Wednesday, January 20, 2010

Lessons from Haiti

The day after the earthquake in the heart of Haiti, I watched all news updates with intense interest. I went to CNN and watched heart wrenching videos of the disaster. Haitians were running in panic down what used to be a main street – strewn with debris and lined with flattened buildings. Husbands screaming because they can’t find their wives. Mothers screaming for their children. Families torn apart. The camera panned to dead bodies strewn in all directions. A tear fell from my face. Suddenly, an ad popped up next to the video I was watching. It was a picture of a designer stiletto with diamonds studding the heel. I was instantly reminded of the stark contrast of what was happening in the poorest country in the western hemisphere versus the comforts in which we live.

Those scenes haven’t left me.

As the week ensued I watched more horror unfold. People buried alive. Excavators dug mass graves. The stench from the dead was so potent it caused many to faint.

I watched as a woman pleaded with rescuers to help find her daughter. Where? She pointed to the daycare center, now a pile of concrete. The rescuer yelled into a crevice, “If you can hear me, tap three times!” A faint tapping was heard. A dog trained to smell live humans scoured the area finding nothing. The rescuer yelled again, and continued the routine for several hours while digging. The tapping stopped before they could get to her. Her mother sobbed.

Others stood by collapsed homes, knowing their loved ones were pinned inside. But they lacked the proper tools to get them out.

A 10-year old girl remained calm and brave despite her leg being crushed and pinned by a concrete beam. Her uncle worked furiously trying to get her out. She cried out, “God, don’t let me die. Oh, please, God. I don’t want to die.” Hours later she was freed from the rubble. She died on the way to the hospital – three hours away.

Where there was heartbreak, there was also triumph. A 70-year old woman was rescued from a church seven days after the earthquake. Earlier that day, an 18-month old baby was rescued from under the rubble of a flattened day-care center and reunited with his mother. Miracles indeed.

May God bless the Haitian people. May they be comforted and unified. May we learn from their pain and sorrow and be inspired to live better lives and to contribute more to the betterment of humanity.

Impact Your World

Tuesday, January 5, 2010

Here's To A Year Of Four-Year-Old-Isms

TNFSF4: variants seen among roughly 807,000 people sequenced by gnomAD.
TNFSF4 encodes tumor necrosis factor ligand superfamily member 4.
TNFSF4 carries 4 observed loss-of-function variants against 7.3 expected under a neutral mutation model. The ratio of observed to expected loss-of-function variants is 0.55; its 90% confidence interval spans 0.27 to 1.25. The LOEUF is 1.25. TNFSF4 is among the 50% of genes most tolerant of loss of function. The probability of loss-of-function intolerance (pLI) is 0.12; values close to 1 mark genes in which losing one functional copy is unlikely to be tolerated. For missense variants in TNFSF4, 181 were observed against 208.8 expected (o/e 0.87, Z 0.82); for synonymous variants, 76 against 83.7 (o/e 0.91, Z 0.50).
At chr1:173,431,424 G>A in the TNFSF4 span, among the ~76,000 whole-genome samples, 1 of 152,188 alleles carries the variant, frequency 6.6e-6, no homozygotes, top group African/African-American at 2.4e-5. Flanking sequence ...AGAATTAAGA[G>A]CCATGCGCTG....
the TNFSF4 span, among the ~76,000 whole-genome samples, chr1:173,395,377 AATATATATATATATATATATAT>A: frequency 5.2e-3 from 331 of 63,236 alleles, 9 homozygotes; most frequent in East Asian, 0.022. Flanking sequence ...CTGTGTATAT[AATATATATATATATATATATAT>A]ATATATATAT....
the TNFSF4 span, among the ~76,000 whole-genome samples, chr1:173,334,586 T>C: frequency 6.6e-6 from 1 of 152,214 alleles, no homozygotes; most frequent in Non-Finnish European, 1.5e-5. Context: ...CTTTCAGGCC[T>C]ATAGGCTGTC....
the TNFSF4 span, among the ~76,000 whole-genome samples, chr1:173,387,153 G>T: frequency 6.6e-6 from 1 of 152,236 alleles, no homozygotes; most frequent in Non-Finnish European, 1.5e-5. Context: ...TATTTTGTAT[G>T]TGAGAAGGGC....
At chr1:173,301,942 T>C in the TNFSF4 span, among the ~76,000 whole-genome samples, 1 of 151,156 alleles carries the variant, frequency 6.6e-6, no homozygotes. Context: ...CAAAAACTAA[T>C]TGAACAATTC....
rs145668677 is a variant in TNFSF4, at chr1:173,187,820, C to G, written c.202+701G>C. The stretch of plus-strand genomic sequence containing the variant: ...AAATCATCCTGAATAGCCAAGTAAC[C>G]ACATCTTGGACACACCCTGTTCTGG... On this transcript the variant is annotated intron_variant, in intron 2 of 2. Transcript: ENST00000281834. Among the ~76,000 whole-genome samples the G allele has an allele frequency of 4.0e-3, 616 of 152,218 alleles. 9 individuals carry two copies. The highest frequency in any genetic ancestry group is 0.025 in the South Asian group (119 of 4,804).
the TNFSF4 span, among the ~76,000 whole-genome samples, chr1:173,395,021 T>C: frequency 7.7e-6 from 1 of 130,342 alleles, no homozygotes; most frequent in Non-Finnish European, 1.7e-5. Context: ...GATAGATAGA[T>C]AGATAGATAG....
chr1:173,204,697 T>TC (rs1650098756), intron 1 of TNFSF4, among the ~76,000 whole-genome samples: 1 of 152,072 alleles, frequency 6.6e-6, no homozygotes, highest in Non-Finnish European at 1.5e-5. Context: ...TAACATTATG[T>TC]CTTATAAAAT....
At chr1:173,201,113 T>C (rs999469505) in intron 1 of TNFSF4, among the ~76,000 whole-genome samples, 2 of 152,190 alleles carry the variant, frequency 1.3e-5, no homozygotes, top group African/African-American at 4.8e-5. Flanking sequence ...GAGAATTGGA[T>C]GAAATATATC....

And how they have helped me remember why it is important to be present in every moment.

Watching him out the back window, his hair matted to his head from the rain as he dipped his wand in the bubbles, and blew. After a couple of minutes, he saw me, he smiled and mouthed the words I love you while he gave me the sign in sign language.

Tucking him into bed one night and pressing "play" as his Mary Pope Osborne book on CD started to play. His eyes got big. He sucked in a deep breath, then said, “I love this one! It makes my heart beep and beep right out of my chest!”

Walking into my office while I was “in the zone” and dumping an armful of leaves onto my desk and computer. He had collected them especially for me.

Telling me one day that Happy + Sad = Purple.

Riding in the car one day and he said, “Look at those pretty clouds up there. I want to get one for you, but it’s too high for me to climb.”

“Mom I have a bloody nose and there’s blood on it. But that’s okay, I just ate it."

"Mom, will you marry me?"

Telling him I had to get beautiful before we went to church he said, "But, you already are beautiful." Then he whistled at me as I came out of my room in make up and a dress.

Bowing his head to pray before dinner, he started, “Once upon a time…” Then went on to tell the most fantastic story about a bunny, then ended it “amen.”

Telling the boys to use the bathroom before we left. I had to ask him three times, and on the third time he pleaded, “Mom, I can’t because I’m all out of pee!”

Asking me, “Is a male a boy?” I said "yep." Then he asked, “Is an email a girl?”

Telling me, “Mom, I love you more than my lego set.”

When asking him how the circus was he replied: “The clown hates me.”

Laying down on my bed due to a severe headache. He came into my room and said, “Mom, I can make you feel all better, just like you make me feel better when I’m sick.” Then he took his little hand and put it on my forehead. "See, don't you feel better now?"

Dum Vivimus, Vivamus
While we live, let’s live